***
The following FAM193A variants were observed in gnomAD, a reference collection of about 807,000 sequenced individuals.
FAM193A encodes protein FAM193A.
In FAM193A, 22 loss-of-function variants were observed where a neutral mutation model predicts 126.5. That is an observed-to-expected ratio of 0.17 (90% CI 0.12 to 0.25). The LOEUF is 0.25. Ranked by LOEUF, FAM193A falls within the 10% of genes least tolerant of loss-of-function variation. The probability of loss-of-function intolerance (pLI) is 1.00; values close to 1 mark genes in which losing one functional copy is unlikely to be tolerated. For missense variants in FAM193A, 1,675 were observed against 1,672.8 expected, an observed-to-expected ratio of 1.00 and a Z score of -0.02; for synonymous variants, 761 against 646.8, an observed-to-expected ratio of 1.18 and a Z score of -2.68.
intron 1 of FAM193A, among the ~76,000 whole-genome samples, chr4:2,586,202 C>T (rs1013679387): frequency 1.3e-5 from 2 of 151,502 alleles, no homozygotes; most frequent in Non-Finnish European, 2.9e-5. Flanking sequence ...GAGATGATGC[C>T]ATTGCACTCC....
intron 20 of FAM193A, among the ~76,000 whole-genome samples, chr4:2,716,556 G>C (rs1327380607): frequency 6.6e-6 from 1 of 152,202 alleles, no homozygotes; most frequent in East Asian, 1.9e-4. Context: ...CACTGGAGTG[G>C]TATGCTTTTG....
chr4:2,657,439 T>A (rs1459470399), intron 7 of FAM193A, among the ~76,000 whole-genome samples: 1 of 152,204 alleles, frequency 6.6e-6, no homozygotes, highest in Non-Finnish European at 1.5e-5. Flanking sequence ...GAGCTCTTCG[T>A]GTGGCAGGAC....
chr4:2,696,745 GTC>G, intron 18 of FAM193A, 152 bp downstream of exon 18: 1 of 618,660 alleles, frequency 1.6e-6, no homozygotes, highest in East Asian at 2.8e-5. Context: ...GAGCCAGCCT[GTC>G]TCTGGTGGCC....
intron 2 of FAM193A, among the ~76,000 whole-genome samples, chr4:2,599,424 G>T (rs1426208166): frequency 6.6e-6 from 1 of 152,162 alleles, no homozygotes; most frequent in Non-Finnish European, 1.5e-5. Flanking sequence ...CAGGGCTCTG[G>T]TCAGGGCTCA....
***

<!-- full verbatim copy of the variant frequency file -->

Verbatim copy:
The following FAM193A variants were observed in gnomAD, a reference collection of about 807,000 sequenced individuals.
FAM193A encodes protein FAM193A.
In FAM193A, 22 loss-of-function variants were observed where a neutral mutation model predicts 126.5. That is an observed-to-expected ratio of 0.17 (90% CI 0.12 to 0.25). The LOEUF is 0.25. Ranked by LOEUF, FAM193A falls within the 10% of genes least tolerant of loss-of-function variation. The probability of loss-of-function intolerance (pLI) is 1.00; values close to 1 mark genes in which losing one functional copy is unlikely to be tolerated. For missense variants in FAM193A, 1,675 were observed against 1,672.8 expected, an observed-to-expected ratio of 1.00 and a Z score of -0.02; for synonymous variants, 761 against 646.8, an observed-to-expected ratio of 1.18 and a Z score of -2.68.
intron 1 of FAM193A, among the ~76,000 whole-genome samples, chr4:2,586,202 C>T (rs1013679387): frequency 1.3e-5 from 2 of 151,502 alleles, no homozygotes; most frequent in Non-Finnish European, 2.9e-5. Flanking sequence ...GAGATGATGC[C>T]ATTGCACTCC....
intron 20 of FAM193A, among the ~76,000 whole-genome samples, chr4:2,716,556 G>C (rs1327380607): frequency 6.6e-6 from 1 of 152,202 alleles, no homozygotes; most frequent in East Asian, 1.9e-4. Context: ...CACTGGAGTG[G>C]TATGCTTTTG....
chr4:2,657,439 T>A (rs1459470399), intron 7 of FAM193A, among the ~76,000 whole-genome samples: 1 of 152,204 alleles, frequency 6.6e-6, no homozygotes, highest in Non-Finnish European at 1.5e-5. Flanking sequence ...GAGCTCTTCG[T>A]GTGGCAGGAC....
chr4:2,696,745 GTC>G, intron 18 of FAM193A, 152 bp downstream of exon 18: 1 of 618,660 alleles, frequency 1.6e-6, no homozygotes, highest in East Asian at 2.8e-5. Context: ...GAGCCAGCCT[GTC>G]TCTGGTGGCC....
intron 2 of FAM193A, among the ~76,000 whole-genome samples, chr4:2,599,424 G>T (rs1426208166): frequency 6.6e-6 from 1 of 152,162 alleles, no homozygotes; most frequent in Non-Finnish European, 1.5e-5. Flanking sequence ...CAGGGCTCTG[G>T]TCAGGGCTCA....